Posted in Sleep apnea

4 Signs That You Might Have Sleep Apnea

*YAWN*

Sleep disorders are a large and under-recognised problem in Australia. For approximately 775,000 adults in Australia, poor sleep is caused by sleep apnea, a disease in which you stop breathing up to hundreds of times a night for anywhere from 10 seconds to more than a minute — and it can lead to serious health problems. Sleep apnea is linked to major health problems such as high blood pressure, stroke, coronary heart failure, coronary artery disease and depression. Sleep apnea has also been the cause of motor vehicle accidents and workplace injuries.

 

Screen Shot 2016-07-02 at 9.25.03 pm

More than just a nuisance during the day, poor sleep can be severely detrimental to your health. Sleeping well helps you look, feel and perform your best, and when you don’t get enough quality sleep, you are putting yourself at risk.

 

So what is sleep apnea?

Sleep Apnea is a common and serious sleep disorder that causes you to stop breathing during sleep. The airway repeatedly becomes blocked, limiting the amount of air that reaches your lungs. When this happens, your brain and body becomes oxygen deprived and you may wake up. This may happen a few times a night, or in more severe cases, several hundred times a night.

Telling Signs of Sleep Apnea
Although you may think you sleep through the night, you could still be suffering from poor sleep caused by sleep apnea. The symptoms may not be obvious. Here are some things to look for to help you determine if it’s time to see a sleep specialist:

• Snoring —  Snoring loudly and frequently is the most telling sign of sleep apnea. The airway repeatedly becomes blocked, limiting the amount of air that reaches your lungs. When this happens, you may snore loudly or making choking or gasping noises as you try to breathe.

 

Excessive daytime sleepiness— Repeated sleep disruptions caused by sleep apnea lead to a lack of energy and increased daytime sleepiness. Reports of falling asleep while driving were most common among adults who showed telltale signs of sleep apnea and other sleep disorders.Sleep apnea has been the cause of motor vehicle accidents (4.3%) and workplace injuries (0.6%) in Australia.

pexels-photo-large.jpeg

• Trouble concentrating— Even one night of poor sleep can result in disruption and fragmentation of your thoughts. People suffering from sleep apnea regularly complain of being absent minded, and it’s been shown that treating sleep apnea can improve memory.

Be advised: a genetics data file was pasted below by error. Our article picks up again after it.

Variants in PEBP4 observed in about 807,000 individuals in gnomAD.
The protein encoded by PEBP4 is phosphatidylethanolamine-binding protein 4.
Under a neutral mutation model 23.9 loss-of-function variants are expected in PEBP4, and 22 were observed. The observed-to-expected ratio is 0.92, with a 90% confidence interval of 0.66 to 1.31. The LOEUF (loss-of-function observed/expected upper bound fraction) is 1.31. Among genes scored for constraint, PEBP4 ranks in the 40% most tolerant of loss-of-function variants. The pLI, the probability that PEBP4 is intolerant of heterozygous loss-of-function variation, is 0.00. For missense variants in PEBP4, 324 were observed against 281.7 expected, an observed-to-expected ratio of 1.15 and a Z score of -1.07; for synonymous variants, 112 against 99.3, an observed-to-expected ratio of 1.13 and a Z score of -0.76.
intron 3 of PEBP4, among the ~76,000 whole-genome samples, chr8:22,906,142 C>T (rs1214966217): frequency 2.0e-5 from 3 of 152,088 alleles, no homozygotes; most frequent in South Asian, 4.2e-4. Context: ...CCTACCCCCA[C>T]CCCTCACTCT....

Irritability and depression — Sleep apnea can negatively influence your mood and lead to symptoms of depression. It’s been shown that treating sleep apnea can significantly reduce depression.

 

Other symptoms to look out for include:

  • Heartburn
  • Morning headaches
  • Waking up with dry mouth or a sore throat
  • Frequent need to urinate during the night

 

What is the treatment for OSA?

Sleep Apnea is a serious sleep disorder that needs to be treated. A Sleep Specialist can help you select a treatment plan that is right for you. Depending on the treatment, he or she may work in collaboration with other members of the sleep team, including dentists, dieticians, exercise physiologists, psychologists, and technologists. Your plan may include any combination of these treatments:

Lifestyle Changes

There are a variety of lifestyle changes that you can make to help you reduce your snoring and improve your Sleep Apnea symptoms.

Weight Management

  • Weight loss can help improve or eliminate your Sleep Apnea symptoms if you are overweight. Overweight people often have thick necks with extra tissue in the throat that may block the airway.

Sleep hygiene 

  • The time you wake up is important
    • Make sure to have regular bed times and rising times. It is more important to wake up at the same time every morning than it is to go to bed at the same time every night.
  • What you eat is important
    • Avoid caffeine (including caffeinated teas) at least 4 hours before bed
    • Avoid eating at least 1 hour before bed
  • What you do makes a difference
    • Avoid heavy exercise before bed
    • Avoid technology (phone, computer) for at least thirty minutes before bed

Things to avoid if you have OSA

  • Alcohol may worsen Sleep Apnea because it relaxes your muscles.  Mild Sleep Apnea can become severe after a few drinks.
  • Smoking – this damages the upper airway and makes it more collapsible
  • Sleeping tablets can reduce the drive to breathe

 

CPAP (Continuous Positive Airway Pressure)

  • CPAP is a machine that uses a steady stream of air to gently keep your airway open throughout the night so you are able to breathe. You sleep with a mask with tubing that is attached to a machine kept at the bedside. Masks and machines may vary depending on your treatment and comfort needs.

cpap.jpg

Oral Appliance Therapy

  • An oral appliance or Mandibular Advancement Splint (MAS) is a device that fits in your mouth over your teeth while you sleep. It may resemble a sports mouth guard or an orthodontic retainer. The device prevents the airway from collapsing by holding the tongue in position or by sliding your jaw forward so that you can breathe when you are asleep. Some patients prefer sleeping with an oral appliance to a CPAP machine. A dentist trained in dental sleep medicine can fit you with an oral appliance after you are diagnosed with Sleep Apnea.

mandibular-advancement-device.jpg

Source: Screen Shot 2016-07-02 at 9.30.34 pm.png  Screen Shot 2016-07-02 at 9.26.58 pm.png  Screen Shot 2016-07-02 at 9.51.58 pm.png

Advertisements

Author:

An online healthy lifestyle blog from a dental point of view - Advice on how to live a healthy lifeSMILE :)